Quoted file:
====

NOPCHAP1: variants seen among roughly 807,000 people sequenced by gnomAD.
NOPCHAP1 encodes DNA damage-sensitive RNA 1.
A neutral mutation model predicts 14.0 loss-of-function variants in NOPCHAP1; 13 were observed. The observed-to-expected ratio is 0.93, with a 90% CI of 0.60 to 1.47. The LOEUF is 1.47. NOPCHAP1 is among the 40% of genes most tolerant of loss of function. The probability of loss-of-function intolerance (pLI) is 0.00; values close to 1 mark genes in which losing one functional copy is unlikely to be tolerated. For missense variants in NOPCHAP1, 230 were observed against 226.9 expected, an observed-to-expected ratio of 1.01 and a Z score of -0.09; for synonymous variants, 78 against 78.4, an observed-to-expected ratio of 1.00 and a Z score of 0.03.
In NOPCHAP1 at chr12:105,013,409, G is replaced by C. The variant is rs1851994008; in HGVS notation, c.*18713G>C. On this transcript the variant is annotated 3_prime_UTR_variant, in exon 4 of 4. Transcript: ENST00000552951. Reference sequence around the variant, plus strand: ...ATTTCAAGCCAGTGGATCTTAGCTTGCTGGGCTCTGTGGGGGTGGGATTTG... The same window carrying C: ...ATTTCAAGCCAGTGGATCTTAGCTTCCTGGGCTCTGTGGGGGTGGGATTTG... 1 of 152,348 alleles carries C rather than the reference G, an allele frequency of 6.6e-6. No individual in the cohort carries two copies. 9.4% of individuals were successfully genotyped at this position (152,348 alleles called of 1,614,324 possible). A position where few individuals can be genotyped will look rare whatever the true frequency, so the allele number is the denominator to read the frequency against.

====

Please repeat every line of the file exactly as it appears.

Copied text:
NOPCHAP1: variants seen among roughly 807,000 people sequenced by gnomAD.
NOPCHAP1 encodes DNA damage-sensitive RNA 1.
A neutral mutation model predicts 14.0 loss-of-function variants in NOPCHAP1; 13 were observed. The observed-to-expected ratio is 0.93, with a 90% CI of 0.60 to 1.47. The LOEUF is 1.47. NOPCHAP1 is among the 40% of genes most tolerant of loss of function. The probability of loss-of-function intolerance (pLI) is 0.00; values close to 1 mark genes in which losing one functional copy is unlikely to be tolerated. For missense variants in NOPCHAP1, 230 were observed against 226.9 expected, an observed-to-expected ratio of 1.01 and a Z score of -0.09; for synonymous variants, 78 against 78.4, an observed-to-expected ratio of 1.00 and a Z score of 0.03.
In NOPCHAP1 at chr12:105,013,409, G is replaced by C. The variant is rs1851994008; in HGVS notation, c.*18713G>C. On this transcript the variant is annotated 3_prime_UTR_variant, in exon 4 of 4. Transcript: ENST00000552951. Reference sequence around the variant, plus strand: ...ATTTCAAGCCAGTGGATCTTAGCTTGCTGGGCTCTGTGGGGGTGGGATTTG... The same window carrying C: ...ATTTCAAGCCAGTGGATCTTAGCTTCCTGGGCTCTGTGGGGGTGGGATTTG... 1 of 152,348 alleles carries C rather than the reference G, an allele frequency of 6.6e-6. No individual in the cohort carries two copies. 9.4% of individuals were successfully genotyped at this position (152,348 alleles called of 1,614,324 possible). A position where few individuals can be genotyped will look rare whatever the true frequency, so the allele number is the denominator to read the frequency against.